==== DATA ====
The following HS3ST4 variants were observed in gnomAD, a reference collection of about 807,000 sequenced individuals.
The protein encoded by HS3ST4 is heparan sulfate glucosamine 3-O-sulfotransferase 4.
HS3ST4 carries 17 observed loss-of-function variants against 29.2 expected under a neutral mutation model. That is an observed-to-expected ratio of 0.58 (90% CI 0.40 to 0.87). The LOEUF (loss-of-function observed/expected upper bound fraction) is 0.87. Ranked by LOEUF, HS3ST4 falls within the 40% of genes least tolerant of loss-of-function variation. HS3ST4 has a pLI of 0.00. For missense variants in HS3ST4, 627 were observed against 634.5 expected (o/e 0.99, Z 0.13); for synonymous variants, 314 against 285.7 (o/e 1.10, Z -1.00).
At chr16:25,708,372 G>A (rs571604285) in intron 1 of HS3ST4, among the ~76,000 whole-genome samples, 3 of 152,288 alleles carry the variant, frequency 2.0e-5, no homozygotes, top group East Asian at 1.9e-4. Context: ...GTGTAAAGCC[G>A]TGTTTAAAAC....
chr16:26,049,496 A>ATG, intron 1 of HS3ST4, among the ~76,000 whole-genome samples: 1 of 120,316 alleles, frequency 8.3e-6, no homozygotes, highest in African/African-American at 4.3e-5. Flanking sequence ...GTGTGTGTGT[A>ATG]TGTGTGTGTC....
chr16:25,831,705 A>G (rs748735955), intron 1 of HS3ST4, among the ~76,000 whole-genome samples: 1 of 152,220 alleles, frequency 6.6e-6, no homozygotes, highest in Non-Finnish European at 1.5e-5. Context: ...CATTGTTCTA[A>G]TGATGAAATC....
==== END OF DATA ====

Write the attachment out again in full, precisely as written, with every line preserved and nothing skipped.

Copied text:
The following HS3ST4 variants were observed in gnomAD, a reference collection of about 807,000 sequenced individuals.
The protein encoded by HS3ST4 is heparan sulfate glucosamine 3-O-sulfotransferase 4.
HS3ST4 carries 17 observed loss-of-function variants against 29.2 expected under a neutral mutation model. That is an observed-to-expected ratio of 0.58 (90% CI 0.40 to 0.87). The LOEUF (loss-of-function observed/expected upper bound fraction) is 0.87. Ranked by LOEUF, HS3ST4 falls within the 40% of genes least tolerant of loss-of-function variation. HS3ST4 has a pLI of 0.00. For missense variants in HS3ST4, 627 were observed against 634.5 expected (o/e 0.99, Z 0.13); for synonymous variants, 314 against 285.7 (o/e 1.10, Z -1.00).
At chr16:25,708,372 G>A (rs571604285) in intron 1 of HS3ST4, among the ~76,000 whole-genome samples, 3 of 152,288 alleles carry the variant, frequency 2.0e-5, no homozygotes, top group East Asian at 1.9e-4. Context: ...GTGTAAAGCC[G>A]TGTTTAAAAC....
chr16:26,049,496 A>ATG, intron 1 of HS3ST4, among the ~76,000 whole-genome samples: 1 of 120,316 alleles, frequency 8.3e-6, no homozygotes, highest in African/African-American at 4.3e-5. Flanking sequence ...GTGTGTGTGT[A>ATG]TGTGTGTGTC....
chr16:25,831,705 A>G (rs748735955), intron 1 of HS3ST4, among the ~76,000 whole-genome samples: 1 of 152,220 alleles, frequency 6.6e-6, no homozygotes, highest in Non-Finnish European at 1.5e-5. Context: ...CATTGTTCTA[A>G]TGATGAAATC....